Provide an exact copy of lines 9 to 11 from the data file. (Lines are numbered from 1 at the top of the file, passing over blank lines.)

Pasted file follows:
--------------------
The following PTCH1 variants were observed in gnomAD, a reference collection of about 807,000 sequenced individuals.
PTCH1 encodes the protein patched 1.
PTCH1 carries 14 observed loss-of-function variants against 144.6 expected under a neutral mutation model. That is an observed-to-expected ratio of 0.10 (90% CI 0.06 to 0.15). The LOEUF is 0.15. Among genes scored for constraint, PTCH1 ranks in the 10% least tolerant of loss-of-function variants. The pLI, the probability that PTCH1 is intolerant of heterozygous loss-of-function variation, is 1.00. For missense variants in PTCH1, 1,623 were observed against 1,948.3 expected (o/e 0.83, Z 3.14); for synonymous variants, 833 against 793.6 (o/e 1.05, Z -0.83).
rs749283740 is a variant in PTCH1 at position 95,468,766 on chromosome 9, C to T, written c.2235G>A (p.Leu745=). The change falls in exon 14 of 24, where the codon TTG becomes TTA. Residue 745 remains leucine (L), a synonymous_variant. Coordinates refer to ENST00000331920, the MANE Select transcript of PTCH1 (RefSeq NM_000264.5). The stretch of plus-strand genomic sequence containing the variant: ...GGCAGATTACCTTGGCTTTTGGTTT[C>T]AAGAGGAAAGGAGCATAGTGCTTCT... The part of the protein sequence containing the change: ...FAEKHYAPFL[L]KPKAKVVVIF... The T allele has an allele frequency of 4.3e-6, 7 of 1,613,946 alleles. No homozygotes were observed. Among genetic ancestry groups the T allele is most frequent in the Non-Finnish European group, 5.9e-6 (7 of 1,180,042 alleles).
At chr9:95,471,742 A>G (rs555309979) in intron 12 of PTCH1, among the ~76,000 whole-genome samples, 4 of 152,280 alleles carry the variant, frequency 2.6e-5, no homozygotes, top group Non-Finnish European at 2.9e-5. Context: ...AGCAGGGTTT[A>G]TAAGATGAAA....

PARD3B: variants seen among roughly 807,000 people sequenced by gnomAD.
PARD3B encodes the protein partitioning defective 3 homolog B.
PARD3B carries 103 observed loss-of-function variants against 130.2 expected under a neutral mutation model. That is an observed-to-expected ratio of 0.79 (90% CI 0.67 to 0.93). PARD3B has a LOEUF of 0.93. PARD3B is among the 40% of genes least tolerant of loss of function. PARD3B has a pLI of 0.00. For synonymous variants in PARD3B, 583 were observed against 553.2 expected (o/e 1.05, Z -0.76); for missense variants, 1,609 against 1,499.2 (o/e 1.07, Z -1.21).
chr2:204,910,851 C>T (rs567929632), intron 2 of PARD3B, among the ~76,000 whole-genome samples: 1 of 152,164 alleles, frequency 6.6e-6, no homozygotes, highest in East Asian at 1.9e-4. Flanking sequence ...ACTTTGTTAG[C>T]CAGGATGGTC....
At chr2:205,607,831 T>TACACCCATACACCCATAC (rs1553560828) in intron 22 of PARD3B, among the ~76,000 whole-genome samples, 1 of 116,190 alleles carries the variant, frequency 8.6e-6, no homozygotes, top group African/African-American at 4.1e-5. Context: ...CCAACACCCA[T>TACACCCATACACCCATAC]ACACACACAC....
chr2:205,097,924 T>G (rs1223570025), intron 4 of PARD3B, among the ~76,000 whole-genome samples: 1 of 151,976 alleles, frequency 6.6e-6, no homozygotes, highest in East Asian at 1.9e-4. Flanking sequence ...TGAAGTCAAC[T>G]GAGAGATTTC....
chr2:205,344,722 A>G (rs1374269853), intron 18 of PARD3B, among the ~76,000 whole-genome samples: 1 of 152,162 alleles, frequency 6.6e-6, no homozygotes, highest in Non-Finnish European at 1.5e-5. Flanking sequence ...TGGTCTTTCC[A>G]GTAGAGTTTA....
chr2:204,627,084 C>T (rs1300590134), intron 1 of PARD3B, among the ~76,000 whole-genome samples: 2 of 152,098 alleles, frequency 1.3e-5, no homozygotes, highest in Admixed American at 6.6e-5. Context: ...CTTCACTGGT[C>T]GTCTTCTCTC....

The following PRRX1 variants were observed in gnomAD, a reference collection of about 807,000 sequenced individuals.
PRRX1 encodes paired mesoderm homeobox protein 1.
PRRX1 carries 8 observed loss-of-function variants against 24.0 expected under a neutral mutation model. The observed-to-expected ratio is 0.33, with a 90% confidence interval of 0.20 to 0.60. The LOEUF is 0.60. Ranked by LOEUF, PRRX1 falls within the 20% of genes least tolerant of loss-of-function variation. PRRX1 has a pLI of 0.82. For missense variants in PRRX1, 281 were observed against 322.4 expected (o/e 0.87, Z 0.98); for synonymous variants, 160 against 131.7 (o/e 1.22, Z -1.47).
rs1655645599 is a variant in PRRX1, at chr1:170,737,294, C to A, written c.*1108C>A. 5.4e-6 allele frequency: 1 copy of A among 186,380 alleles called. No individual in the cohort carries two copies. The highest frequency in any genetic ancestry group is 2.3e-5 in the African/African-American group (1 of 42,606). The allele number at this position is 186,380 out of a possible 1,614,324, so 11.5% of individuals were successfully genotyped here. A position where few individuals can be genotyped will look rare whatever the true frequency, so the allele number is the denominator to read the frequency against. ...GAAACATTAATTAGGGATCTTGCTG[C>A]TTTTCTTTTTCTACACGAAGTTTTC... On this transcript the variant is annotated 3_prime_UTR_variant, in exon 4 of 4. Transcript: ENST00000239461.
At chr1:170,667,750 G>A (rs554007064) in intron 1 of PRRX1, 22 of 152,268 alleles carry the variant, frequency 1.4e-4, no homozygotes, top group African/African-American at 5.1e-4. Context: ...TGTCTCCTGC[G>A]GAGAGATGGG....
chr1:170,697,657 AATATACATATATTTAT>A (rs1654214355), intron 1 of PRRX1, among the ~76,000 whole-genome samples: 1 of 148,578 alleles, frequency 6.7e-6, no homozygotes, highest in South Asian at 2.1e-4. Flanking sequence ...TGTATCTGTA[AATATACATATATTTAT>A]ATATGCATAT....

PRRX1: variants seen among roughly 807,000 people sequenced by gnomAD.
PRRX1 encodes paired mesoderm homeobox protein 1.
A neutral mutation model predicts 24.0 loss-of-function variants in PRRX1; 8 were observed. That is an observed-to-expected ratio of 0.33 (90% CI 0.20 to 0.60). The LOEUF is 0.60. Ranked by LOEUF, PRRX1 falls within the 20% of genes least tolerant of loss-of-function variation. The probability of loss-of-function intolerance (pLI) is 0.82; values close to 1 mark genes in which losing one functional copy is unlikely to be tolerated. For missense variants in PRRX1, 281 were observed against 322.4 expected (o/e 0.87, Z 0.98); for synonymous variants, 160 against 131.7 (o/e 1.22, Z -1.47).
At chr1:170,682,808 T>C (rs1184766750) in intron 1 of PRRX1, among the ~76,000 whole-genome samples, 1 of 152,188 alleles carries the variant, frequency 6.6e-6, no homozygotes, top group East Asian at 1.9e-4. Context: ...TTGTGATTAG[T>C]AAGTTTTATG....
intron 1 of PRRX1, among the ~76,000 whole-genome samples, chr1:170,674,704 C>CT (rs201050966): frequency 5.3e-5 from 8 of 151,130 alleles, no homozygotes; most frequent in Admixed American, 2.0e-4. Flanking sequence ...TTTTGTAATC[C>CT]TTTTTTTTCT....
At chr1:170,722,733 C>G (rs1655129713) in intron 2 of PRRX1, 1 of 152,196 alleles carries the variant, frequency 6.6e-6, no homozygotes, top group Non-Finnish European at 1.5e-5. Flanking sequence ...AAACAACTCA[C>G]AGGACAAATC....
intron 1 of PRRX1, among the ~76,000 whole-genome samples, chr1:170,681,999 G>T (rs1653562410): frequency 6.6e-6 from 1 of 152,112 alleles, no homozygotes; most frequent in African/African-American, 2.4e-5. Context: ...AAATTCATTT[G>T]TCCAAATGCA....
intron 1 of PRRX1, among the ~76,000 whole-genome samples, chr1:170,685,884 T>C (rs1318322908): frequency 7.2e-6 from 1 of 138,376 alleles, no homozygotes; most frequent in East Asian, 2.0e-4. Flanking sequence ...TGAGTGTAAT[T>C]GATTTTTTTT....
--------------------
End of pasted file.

chr2:204,910,851 C>T (rs567929632), intron 2 of PARD3B, among the ~76,000 whole-genome samples: 1 of 152,164 alleles, frequency 6.6e-6, no homozygotes, highest in East Asian at 1.9e-4. Flanking sequence ...ACTTTGTTAG[C>T]CAGGATGGTC....
At chr2:205,607,831 T>TACACCCATACACCCATAC (rs1553560828) in intron 22 of PARD3B, among the ~76,000 whole-genome samples, 1 of 116,190 alleles carries the variant, frequency 8.6e-6, no homozygotes, top group African/African-American at 4.1e-5. Context: ...CCAACACCCA[T>TACACCCATACACCCATAC]ACACACACAC....
chr2:205,097,924 T>G (rs1223570025), intron 4 of PARD3B, among the ~76,000 whole-genome samples: 1 of 151,976 alleles, frequency 6.6e-6, no homozygotes, highest in East Asian at 1.9e-4. Flanking sequence ...TGAAGTCAAC[T>G]GAGAGATTTC....